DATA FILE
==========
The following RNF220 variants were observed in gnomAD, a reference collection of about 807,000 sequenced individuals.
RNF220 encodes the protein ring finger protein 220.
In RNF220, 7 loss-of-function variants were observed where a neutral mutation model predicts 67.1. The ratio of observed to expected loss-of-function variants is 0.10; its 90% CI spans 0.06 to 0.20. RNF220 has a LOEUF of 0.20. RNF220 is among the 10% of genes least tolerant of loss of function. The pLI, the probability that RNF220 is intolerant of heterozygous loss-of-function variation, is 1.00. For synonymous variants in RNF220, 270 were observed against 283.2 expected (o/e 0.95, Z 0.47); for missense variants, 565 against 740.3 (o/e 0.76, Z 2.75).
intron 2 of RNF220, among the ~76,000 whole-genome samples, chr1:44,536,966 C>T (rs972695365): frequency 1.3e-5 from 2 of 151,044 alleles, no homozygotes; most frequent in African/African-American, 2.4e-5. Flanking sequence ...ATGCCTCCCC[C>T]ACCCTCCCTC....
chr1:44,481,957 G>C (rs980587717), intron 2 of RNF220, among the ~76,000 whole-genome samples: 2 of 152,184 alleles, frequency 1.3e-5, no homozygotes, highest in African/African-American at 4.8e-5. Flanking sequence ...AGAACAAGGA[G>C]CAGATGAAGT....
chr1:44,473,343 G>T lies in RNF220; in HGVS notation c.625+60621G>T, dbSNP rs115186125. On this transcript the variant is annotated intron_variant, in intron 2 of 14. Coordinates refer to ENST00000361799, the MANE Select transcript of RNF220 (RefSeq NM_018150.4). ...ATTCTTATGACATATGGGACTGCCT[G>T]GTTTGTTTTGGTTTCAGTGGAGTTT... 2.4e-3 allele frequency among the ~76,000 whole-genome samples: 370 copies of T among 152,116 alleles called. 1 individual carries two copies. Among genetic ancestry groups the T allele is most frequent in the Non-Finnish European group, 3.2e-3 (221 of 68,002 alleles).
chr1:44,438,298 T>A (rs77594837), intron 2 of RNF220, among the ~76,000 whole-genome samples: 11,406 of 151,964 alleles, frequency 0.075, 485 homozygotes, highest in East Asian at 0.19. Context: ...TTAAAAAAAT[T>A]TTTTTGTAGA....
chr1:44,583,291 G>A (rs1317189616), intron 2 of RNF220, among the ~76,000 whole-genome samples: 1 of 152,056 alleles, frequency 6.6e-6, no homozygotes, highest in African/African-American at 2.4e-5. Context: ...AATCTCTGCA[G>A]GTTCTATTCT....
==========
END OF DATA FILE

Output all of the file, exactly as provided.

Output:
The following RNF220 variants were observed in gnomAD, a reference collection of about 807,000 sequenced individuals.
RNF220 encodes the protein ring finger protein 220.
In RNF220, 7 loss-of-function variants were observed where a neutral mutation model predicts 67.1. The ratio of observed to expected loss-of-function variants is 0.10; its 90% CI spans 0.06 to 0.20. RNF220 has a LOEUF of 0.20. RNF220 is among the 10% of genes least tolerant of loss of function. The pLI, the probability that RNF220 is intolerant of heterozygous loss-of-function variation, is 1.00. For synonymous variants in RNF220, 270 were observed against 283.2 expected (o/e 0.95, Z 0.47); for missense variants, 565 against 740.3 (o/e 0.76, Z 2.75).
intron 2 of RNF220, among the ~76,000 whole-genome samples, chr1:44,536,966 C>T (rs972695365): frequency 1.3e-5 from 2 of 151,044 alleles, no homozygotes; most frequent in African/African-American, 2.4e-5. Flanking sequence ...ATGCCTCCCC[C>T]ACCCTCCCTC....
chr1:44,481,957 G>C (rs980587717), intron 2 of RNF220, among the ~76,000 whole-genome samples: 2 of 152,184 alleles, frequency 1.3e-5, no homozygotes, highest in African/African-American at 4.8e-5. Flanking sequence ...AGAACAAGGA[G>C]CAGATGAAGT....
chr1:44,473,343 G>T lies in RNF220; in HGVS notation c.625+60621G>T, dbSNP rs115186125. On this transcript the variant is annotated intron_variant, in intron 2 of 14. Coordinates refer to ENST00000361799, the MANE Select transcript of RNF220 (RefSeq NM_018150.4). ...ATTCTTATGACATATGGGACTGCCT[G>T]GTTTGTTTTGGTTTCAGTGGAGTTT... 2.4e-3 allele frequency among the ~76,000 whole-genome samples: 370 copies of T among 152,116 alleles called. 1 individual carries two copies. Among genetic ancestry groups the T allele is most frequent in the Non-Finnish European group, 3.2e-3 (221 of 68,002 alleles).
chr1:44,438,298 T>A (rs77594837), intron 2 of RNF220, among the ~76,000 whole-genome samples: 11,406 of 151,964 alleles, frequency 0.075, 485 homozygotes, highest in East Asian at 0.19. Context: ...TTAAAAAAAT[T>A]TTTTTGTAGA....
chr1:44,583,291 G>A (rs1317189616), intron 2 of RNF220, among the ~76,000 whole-genome samples: 1 of 152,056 alleles, frequency 6.6e-6, no homozygotes, highest in African/African-American at 2.4e-5. Context: ...AATCTCTGCA[G>A]GTTCTATTCT....